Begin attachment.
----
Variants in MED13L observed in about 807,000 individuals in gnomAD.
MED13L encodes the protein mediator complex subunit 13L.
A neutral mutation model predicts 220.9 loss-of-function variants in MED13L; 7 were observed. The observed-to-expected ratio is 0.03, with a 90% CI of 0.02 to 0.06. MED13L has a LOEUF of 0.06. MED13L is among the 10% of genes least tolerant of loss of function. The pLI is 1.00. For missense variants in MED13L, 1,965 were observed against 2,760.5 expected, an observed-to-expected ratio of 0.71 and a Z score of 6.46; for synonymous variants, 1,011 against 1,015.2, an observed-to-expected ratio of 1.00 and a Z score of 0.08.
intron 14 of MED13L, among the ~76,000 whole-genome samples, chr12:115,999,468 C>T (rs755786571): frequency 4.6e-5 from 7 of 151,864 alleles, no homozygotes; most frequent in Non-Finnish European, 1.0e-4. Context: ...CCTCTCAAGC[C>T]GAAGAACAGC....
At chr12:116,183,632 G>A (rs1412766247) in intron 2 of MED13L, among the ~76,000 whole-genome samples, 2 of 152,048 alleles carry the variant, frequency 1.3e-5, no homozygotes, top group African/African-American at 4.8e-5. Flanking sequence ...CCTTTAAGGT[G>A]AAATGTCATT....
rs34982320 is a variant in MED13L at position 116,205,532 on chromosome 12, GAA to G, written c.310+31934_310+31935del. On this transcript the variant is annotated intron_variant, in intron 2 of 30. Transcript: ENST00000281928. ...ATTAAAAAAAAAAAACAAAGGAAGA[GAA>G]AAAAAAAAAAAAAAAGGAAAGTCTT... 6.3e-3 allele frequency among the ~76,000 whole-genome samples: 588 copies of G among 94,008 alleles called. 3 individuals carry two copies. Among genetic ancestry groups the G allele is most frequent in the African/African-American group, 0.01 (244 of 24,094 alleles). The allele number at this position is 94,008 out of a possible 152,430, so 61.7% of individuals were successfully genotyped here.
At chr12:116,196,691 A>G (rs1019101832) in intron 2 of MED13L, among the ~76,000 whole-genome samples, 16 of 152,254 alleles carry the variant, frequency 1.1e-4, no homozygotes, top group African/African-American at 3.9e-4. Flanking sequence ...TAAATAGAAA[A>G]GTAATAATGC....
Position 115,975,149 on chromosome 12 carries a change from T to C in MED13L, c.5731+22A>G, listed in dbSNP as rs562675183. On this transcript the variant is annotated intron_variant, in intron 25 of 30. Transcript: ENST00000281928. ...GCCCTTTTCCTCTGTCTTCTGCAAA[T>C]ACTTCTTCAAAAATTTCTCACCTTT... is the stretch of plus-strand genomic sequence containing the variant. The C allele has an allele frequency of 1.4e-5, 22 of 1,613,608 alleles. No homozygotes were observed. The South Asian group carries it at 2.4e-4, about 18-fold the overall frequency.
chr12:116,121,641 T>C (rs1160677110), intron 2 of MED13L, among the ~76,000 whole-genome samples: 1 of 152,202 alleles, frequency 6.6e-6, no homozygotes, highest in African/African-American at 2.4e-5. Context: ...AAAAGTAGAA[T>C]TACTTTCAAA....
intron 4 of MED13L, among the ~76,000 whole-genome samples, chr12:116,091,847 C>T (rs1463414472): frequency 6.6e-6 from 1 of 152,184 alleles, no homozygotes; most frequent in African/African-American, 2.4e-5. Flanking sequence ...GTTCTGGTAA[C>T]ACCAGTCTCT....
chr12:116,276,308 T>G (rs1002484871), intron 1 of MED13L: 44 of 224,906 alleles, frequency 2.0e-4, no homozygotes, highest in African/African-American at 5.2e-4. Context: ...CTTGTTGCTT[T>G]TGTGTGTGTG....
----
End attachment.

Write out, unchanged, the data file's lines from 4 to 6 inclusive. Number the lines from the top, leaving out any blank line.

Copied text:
intron 14 of MED13L, among the ~76,000 whole-genome samples, chr12:115,999,468 C>T (rs755786571): frequency 4.6e-5 from 7 of 151,864 alleles, no homozygotes; most frequent in Non-Finnish European, 1.0e-4. Context: ...CCTCTCAAGC[C>T]GAAGAACAGC....
At chr12:116,183,632 G>A (rs1412766247) in intron 2 of MED13L, among the ~76,000 whole-genome samples, 2 of 152,048 alleles carry the variant, frequency 1.3e-5, no homozygotes, top group African/African-American at 4.8e-5. Flanking sequence ...CCTTTAAGGT[G>A]AAATGTCATT....
rs34982320 is a variant in MED13L at position 116,205,532 on chromosome 12, GAA to G, written c.310+31934_310+31935del. On this transcript the variant is annotated intron_variant, in intron 2 of 30. Transcript: ENST00000281928. ...ATTAAAAAAAAAAAACAAAGGAAGA[GAA>G]AAAAAAAAAAAAAAAGGAAAGTCTT... 6.3e-3 allele frequency among the ~76,000 whole-genome samples: 588 copies of G among 94,008 alleles called. 3 individuals carry two copies. Among genetic ancestry groups the G allele is most frequent in the African/African-American group, 0.01 (244 of 24,094 alleles). The allele number at this position is 94,008 out of a possible 152,430, so 61.7% of individuals were successfully genotyped here.